Opportunity emerges for osteoporosis screening via routine CT

Researchers have established normal ranges of bone density in a part of the lumbar spine that is routinely imaged incidentally. Their primary aim is to equip radiologists with data that can be referred to when reading chest and abdominal CTs so the reader can opportunistically cross-screen for osteoporosis and check for compression fractures.

Radiology published the work online March 26.

Perry Pickhardt, MD, of the University of Wisconsin, Ronald Summers, MD, PhD, of the NIH and colleagues homed in on the first lumbar vertebra (L1). Their objective was to build a base of L1 trabecular attenuation values across all adult ages so that bone mineral density could be measured on CT performed for other clinical indications.

The team constructed reference data from more than 20,000 abdominal and thoracic CT scans performed on adults (56 percent women) at 120 kV with and without intravenous contrast.

Along the way they found age-related bone density loss measured by L1 trabecular attenuation at CT “is fairly constant and predictable,” averaging 2.5 Hounsfield units per year.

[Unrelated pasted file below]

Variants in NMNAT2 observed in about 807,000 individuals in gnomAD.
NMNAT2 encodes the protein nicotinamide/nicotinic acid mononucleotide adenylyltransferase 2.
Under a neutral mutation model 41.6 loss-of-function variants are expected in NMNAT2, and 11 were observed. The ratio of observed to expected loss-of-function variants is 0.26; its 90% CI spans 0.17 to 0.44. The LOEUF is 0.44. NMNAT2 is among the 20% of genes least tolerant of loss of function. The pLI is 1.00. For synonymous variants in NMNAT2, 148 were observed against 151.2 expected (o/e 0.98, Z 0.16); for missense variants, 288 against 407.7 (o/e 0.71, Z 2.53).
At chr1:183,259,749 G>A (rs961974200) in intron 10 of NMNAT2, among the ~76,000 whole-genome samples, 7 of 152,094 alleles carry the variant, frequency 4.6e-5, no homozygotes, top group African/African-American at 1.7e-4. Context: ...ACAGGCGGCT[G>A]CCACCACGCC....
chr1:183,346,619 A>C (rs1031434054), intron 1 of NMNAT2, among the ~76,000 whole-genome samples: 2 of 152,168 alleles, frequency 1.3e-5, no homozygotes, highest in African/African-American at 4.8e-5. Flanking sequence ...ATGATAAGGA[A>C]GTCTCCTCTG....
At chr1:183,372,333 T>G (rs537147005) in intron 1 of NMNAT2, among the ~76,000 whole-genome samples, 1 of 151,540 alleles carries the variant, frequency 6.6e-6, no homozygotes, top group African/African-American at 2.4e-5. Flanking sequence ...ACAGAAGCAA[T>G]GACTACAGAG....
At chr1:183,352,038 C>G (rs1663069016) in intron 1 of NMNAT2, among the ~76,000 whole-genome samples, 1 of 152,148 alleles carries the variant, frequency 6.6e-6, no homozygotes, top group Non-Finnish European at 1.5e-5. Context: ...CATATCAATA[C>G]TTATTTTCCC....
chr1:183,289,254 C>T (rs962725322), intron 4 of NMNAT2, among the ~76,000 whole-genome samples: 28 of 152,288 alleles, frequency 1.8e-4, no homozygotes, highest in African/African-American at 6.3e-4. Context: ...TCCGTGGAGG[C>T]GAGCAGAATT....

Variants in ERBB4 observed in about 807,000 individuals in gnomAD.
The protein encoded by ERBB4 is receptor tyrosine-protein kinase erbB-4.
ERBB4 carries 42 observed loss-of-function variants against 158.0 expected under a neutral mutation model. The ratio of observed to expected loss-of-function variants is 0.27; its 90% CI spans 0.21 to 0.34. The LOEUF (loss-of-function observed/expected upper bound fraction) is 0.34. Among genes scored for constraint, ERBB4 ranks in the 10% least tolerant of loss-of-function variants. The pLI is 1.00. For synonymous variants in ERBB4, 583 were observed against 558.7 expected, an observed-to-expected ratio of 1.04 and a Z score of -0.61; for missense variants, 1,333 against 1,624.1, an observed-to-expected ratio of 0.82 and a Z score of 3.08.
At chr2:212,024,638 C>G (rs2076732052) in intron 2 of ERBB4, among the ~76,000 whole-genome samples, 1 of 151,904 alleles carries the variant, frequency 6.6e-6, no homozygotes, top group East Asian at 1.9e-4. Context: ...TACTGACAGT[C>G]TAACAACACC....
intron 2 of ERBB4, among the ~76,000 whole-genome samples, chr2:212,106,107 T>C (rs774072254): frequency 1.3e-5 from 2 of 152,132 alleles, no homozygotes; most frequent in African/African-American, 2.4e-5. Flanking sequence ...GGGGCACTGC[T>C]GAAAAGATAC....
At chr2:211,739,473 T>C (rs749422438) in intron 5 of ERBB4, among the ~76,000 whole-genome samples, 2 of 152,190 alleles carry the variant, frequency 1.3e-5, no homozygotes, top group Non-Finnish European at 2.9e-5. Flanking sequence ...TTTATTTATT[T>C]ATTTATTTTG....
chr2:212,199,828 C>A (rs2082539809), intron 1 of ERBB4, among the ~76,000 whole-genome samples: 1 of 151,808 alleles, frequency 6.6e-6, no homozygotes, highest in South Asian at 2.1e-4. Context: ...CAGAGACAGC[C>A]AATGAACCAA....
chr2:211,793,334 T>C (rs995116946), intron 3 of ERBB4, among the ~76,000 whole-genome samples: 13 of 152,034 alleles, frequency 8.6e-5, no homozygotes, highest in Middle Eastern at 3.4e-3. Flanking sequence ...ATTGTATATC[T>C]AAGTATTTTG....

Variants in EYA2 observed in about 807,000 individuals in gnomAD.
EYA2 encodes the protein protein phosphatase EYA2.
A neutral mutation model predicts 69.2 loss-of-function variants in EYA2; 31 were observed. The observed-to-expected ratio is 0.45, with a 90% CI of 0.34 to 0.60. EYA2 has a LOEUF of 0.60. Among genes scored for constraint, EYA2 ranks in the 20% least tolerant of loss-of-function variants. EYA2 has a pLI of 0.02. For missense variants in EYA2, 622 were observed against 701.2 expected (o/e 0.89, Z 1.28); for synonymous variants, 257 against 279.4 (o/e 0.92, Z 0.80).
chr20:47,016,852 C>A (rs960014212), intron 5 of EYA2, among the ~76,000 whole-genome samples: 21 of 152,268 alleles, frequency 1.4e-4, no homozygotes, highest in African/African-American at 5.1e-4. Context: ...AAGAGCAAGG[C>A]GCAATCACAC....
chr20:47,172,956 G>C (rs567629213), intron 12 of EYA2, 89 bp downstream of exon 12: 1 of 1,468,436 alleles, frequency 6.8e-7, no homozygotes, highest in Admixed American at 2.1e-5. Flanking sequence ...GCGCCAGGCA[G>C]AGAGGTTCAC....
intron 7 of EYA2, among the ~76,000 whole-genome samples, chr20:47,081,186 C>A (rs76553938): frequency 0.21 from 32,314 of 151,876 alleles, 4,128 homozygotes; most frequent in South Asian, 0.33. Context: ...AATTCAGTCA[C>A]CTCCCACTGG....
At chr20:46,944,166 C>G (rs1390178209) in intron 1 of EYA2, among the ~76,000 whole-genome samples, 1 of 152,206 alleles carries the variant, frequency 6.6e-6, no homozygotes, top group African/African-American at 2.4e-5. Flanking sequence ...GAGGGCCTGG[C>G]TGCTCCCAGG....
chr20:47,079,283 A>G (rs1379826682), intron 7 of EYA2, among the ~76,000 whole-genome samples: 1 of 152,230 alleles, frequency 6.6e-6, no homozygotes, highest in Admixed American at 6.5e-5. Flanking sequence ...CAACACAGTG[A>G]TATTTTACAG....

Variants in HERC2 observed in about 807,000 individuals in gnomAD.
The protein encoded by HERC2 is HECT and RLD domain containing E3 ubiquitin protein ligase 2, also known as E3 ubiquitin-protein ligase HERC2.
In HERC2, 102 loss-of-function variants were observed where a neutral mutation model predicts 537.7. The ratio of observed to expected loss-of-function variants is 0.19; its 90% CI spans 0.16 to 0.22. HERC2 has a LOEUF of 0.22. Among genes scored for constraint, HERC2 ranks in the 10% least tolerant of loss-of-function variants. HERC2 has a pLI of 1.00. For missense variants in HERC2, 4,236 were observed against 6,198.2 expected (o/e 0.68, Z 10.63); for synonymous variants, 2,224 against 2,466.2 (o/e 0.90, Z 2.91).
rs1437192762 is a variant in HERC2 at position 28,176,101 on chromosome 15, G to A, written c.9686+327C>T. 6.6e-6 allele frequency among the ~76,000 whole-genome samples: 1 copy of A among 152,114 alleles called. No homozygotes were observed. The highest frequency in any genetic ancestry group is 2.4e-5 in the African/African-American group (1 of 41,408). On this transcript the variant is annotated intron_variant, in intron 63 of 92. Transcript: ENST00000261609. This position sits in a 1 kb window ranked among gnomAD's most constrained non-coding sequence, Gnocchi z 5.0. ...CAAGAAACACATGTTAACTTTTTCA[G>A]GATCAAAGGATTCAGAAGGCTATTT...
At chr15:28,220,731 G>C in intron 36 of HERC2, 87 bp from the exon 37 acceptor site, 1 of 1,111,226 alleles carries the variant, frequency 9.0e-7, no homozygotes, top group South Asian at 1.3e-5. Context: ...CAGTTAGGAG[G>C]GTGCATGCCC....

They further found that aging women and men have similar mean L1 trabecular attenuation values, although the decline speeds up in women after menopause.

In the study report, the authors underscored that the attenuation values they established only apply to CT performed at 120 kV.

“It is our hope that this study will further encourage radiologists who interpret CT images to routinely assess for L1 trabecular attenuation (and compression fractures) ... because undiagnosed low bone-mineral density and osteoporosis are typically encountered on a daily basis in routine practice,” Pickhardt et al. wrote. “In the future, automated methods are likely to become widely available, which could provide for objective assessment at both the individual patient level and for large patient cohorts or populations.”

In an accompanying opinion piece, Andrew Smith, MD, PhD, of the University of Alabama comments that screening for loss of bone density via CT performed for other reasons is an overlooked opportunity, not least because it requires no additional patient time or cost, scanner equipment or radiation exposure.